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Analysis: Trends in the Japanese Game Market

The latest report from analyst group DFC Intelligence points out the firm's perception of the Japanese market as an industry bellwether -- but notes that recent subtle sales shifts don't necessarily point to a shakeup that will dethrone current industry l

October 1, 2008

6 Min Read

Author: by DFC Intelligence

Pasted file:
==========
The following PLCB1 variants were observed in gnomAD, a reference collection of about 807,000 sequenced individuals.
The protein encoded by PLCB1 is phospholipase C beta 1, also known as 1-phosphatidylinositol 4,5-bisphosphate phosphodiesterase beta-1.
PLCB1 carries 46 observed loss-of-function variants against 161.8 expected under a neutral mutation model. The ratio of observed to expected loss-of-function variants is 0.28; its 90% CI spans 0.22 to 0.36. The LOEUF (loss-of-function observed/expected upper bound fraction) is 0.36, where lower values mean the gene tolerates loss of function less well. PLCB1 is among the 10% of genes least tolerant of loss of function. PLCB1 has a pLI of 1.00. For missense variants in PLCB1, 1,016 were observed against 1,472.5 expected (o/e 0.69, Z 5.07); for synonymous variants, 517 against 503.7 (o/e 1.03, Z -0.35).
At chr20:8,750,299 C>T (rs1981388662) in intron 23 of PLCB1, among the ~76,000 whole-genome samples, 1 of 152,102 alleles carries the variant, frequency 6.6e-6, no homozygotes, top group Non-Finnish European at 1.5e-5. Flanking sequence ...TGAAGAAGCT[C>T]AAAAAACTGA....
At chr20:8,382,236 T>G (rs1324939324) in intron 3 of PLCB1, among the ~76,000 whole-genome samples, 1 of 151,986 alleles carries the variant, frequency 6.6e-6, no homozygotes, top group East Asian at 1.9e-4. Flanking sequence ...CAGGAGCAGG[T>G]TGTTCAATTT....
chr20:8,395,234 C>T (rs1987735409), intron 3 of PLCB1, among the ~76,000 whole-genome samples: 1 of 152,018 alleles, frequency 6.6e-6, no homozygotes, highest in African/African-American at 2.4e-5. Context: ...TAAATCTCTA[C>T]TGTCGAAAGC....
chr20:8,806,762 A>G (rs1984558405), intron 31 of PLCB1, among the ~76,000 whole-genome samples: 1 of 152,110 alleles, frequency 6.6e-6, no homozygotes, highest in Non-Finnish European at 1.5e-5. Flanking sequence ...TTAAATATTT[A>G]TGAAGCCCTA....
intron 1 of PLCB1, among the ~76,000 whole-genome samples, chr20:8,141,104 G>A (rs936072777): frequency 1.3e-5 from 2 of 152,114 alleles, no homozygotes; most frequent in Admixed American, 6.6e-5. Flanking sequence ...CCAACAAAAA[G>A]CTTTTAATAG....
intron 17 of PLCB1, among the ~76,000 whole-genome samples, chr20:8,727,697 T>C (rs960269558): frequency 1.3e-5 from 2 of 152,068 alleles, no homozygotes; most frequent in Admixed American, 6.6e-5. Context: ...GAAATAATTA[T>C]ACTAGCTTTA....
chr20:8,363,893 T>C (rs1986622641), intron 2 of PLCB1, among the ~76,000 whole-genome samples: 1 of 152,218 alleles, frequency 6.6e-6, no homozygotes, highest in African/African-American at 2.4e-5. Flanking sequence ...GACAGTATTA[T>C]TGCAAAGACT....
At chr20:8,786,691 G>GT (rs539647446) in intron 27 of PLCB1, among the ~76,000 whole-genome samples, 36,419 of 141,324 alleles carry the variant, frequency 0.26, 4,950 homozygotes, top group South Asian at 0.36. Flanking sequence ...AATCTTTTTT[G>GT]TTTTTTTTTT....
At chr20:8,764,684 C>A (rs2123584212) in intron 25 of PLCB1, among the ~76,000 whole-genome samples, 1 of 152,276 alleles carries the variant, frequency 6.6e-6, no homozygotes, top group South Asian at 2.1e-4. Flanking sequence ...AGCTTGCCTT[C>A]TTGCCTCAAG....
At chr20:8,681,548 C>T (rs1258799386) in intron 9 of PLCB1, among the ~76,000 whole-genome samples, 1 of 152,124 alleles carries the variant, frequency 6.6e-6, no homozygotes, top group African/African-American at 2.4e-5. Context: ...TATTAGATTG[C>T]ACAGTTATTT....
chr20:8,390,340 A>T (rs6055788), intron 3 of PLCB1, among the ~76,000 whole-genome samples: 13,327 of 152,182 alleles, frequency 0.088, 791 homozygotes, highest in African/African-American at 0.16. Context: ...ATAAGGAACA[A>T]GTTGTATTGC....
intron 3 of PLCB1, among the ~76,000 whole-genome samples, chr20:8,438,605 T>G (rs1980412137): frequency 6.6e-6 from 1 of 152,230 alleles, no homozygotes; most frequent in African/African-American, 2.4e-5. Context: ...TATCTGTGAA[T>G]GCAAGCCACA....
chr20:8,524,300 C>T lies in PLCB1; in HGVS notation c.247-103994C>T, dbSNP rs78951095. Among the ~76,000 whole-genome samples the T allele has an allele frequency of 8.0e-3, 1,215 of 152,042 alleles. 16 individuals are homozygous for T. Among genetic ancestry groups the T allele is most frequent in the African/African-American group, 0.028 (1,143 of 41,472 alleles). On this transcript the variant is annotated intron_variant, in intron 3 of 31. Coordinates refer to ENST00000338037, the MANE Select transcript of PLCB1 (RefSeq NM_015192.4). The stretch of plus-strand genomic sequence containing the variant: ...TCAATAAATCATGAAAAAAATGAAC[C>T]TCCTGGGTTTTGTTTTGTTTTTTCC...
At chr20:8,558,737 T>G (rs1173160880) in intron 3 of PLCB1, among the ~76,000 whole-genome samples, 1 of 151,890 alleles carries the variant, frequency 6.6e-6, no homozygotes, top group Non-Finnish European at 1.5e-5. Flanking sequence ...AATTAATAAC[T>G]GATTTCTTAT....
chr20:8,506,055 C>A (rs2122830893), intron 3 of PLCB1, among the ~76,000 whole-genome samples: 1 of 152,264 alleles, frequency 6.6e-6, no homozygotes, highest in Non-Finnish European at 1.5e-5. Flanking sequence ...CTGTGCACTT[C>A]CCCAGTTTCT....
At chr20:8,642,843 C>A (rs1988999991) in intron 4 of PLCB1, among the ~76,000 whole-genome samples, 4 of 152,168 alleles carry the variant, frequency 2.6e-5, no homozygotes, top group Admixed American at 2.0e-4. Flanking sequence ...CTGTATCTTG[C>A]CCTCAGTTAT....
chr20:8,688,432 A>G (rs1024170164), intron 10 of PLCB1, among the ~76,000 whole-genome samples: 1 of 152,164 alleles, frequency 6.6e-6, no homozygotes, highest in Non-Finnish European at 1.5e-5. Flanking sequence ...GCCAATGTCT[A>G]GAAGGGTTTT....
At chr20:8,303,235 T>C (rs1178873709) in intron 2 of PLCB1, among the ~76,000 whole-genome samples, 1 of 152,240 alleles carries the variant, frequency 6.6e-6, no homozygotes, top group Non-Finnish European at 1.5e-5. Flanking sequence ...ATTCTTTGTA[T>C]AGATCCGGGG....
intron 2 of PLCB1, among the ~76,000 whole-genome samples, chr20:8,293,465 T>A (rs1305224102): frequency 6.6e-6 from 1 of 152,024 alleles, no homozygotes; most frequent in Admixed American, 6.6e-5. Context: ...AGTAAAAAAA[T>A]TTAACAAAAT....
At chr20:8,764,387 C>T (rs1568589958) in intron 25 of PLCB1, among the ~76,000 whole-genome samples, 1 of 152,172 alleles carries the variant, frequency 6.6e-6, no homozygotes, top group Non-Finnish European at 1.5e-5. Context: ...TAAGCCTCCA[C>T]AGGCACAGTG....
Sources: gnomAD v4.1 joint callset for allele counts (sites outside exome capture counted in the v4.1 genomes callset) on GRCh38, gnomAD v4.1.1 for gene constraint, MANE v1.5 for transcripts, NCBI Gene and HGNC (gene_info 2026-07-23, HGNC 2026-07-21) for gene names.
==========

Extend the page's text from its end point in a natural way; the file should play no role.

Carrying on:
The latest report from analyst group DFC Intelligence points out the firm's perception of the Japanese market as an industry bellwether -- but notes that recent subtle sales shifts don't necessarily point to a shakeup that will dethrone current industry leader Nintendo. The full text of the report follows: "At over $7 billion in annual revenue, Japan is the second-largest market for video games after the U.S. However, Western companies often ignore trends in Japan. Primarily, this is because titles from non-Japanese publishers have historically not sold well in Japan. Nevertheless, DFC Intelligence has always thought it is extremely important to watch trends in the Japanese market and how they might eventually impact North America and Europe. Much has been written about the decline of Japanese publishers over the last decade. While much of this may be true, Japan remains a key driver of the global video game business and its consumers tend to be at the forefront of major industry trends. In recent years, one of the biggest harbingers of coming global industry trends was Nintendo’s growing success in Japan and the increasing emergence of “casual games” in that market. In 2005, sales of the Nintendo DS started to soar in Japan and much of this success was attributed to non-traditional products like the Brain Training and Nintendogs titles. With over 22 million units sold in Japan, the Nintendo DS will end up as the best-selling system ever in that marketplace. However, back in 2005, Nintendo was still considered very much of an also-ran in Japan, a market dominated by Sony. It was from looking at the success of the Nintendo DS in Japan that DFC Intelligence forecasted that the DS would outsell the PSP in markets like the U.S. and Europe. Furthermore, in 2006, after Sony announced firm launch plans for the PS3, DFC came out and stated that the Wii was likely to be the first-place system. Today that seems like a no-brainer assessment, but at the time this was a very contrarian point of view. It was also an unwelcome point of view because Sony dominated the market and it was automatically assumed they would continue to do so. Leading industry players like Electronic Arts had hitched their fortunes to the continued success of Sony and the last thing they wanted to hear was that Nintendo could once again become a force. However, when looking at the Japanese market, the signs were strong that Nintendo was onto something. Being the bearer of bad news is not always a role to relish, but ignorance is not always bliss. Of course, the DS exploded on a global basis starting in 2006. Meanwhile, immediately out of the gate, the Wii became a global phenomenon that exceeded even our most optimistic estimates. These very Japanese products were proof positive that Japanese developers and engineers are still relevant on a global basis. Much ink has been spilled about the success of Nintendo and the emergence of a new “casual” game consumer. In many ways that is old news. The important point is the need to closely monitor trends in markets like Japan, even for companies not active in that market. Looking at the first part of 2008 in Japan, there have been some indications that it actually may be Sony’s turn to experience an upturn in sales. In other words, we must closely analyze sales in Japan to see how they may impact our global forecasts. The leading company for tracking Japan video game sales is Enterbrain. According to data collected by Enterbrain’s Famitsu magazine, the portable Sony PSP started to outsell the Nintendo DS in March and outsold the DS in Japan every month until August. In August, the DS slightly outsold the PSP in Japan, but much of that was possibly attributable to consumers waiting for the October release of the PSP-3000. Life-to-date, the DS has still outsold the PSP in Japan by more than 2 to 1, but in July, the PSP passed the impressive 10 million units sold mark in Japan. So what do the 2008 Japan sales tell us about the market, both in Japan and on a global basis? Is Sony making a major comeback? Is Nintendo slowing down? Is it some combination of both? Or do first half 2008 Japan sales even have any relevance to long-term market trends? The answer to those questions is of course open to debate and opinions are likely to vary. However, DFC Intelligence looks closely at these trends to help adjust forecasts. Right now we see no indication that Japan 2008 sales trends would cause a major change to our forecasts, for either Japan or the global market. From DFC Intelligence’s point of view the PSP is tracking closely to forecasted and the DS is slightly below expectations, but not by much. DFC Intelligence had expected the DS to outsell the PSP in all major markets, including Japan. However we also forecasted that the PSP would finish in a strong second place and over the next five years actually end with an installed base of half the DS in Japan. Currently the DS has outsold the PSP by 2.4 to 1 in Japan so the PSP needs to gain some ground to meet the DFC forecasts. Right now it looks that for calendar 2008 the PSP may actually outsell the DS in Japan. But, not by much, and thus we feel no need to alter our forecasts. The other issue is what this means for global trends. Are there any big changes coming out of Japan that would cause us to reassess our forecasts? The short answer is once again no. The Japan sales of the PSP just emphasize that this is very much a multi-platform world. It is also still very much a hits driven world. Much of the PSP increase can be attributed to the strong performance of Capcom’s Monster Hunter franchise. Whether or not this carries over to the rest of the world, DFC Intelligence has forecasted that, with a few more must-have hits and new form factors like the PSP-3000, the PSP will see a resurgence and end up selling over 70 million units worldwide by 2012. This only looks bad if you do a direct comparison with the DS. The Japan 2008 performance of the PSP just reaffirms our confidence in this forecast. The other major point of DFC Intelligence forecasts is that no system in this generation will have the dominance that Sony had with the PlayStation 2. In Japan, DFC Intelligence forecasts that the Wii will end up outselling the PlayStation 3 by a ratio of 2 to 1. However, currently the Wii is outselling the PS3 by a ratio of 3 to 1. From this perspective, Nintendo seems to be going stronger than expected. But in the end, DFC currently does not see any need to adjust its long-term forecast."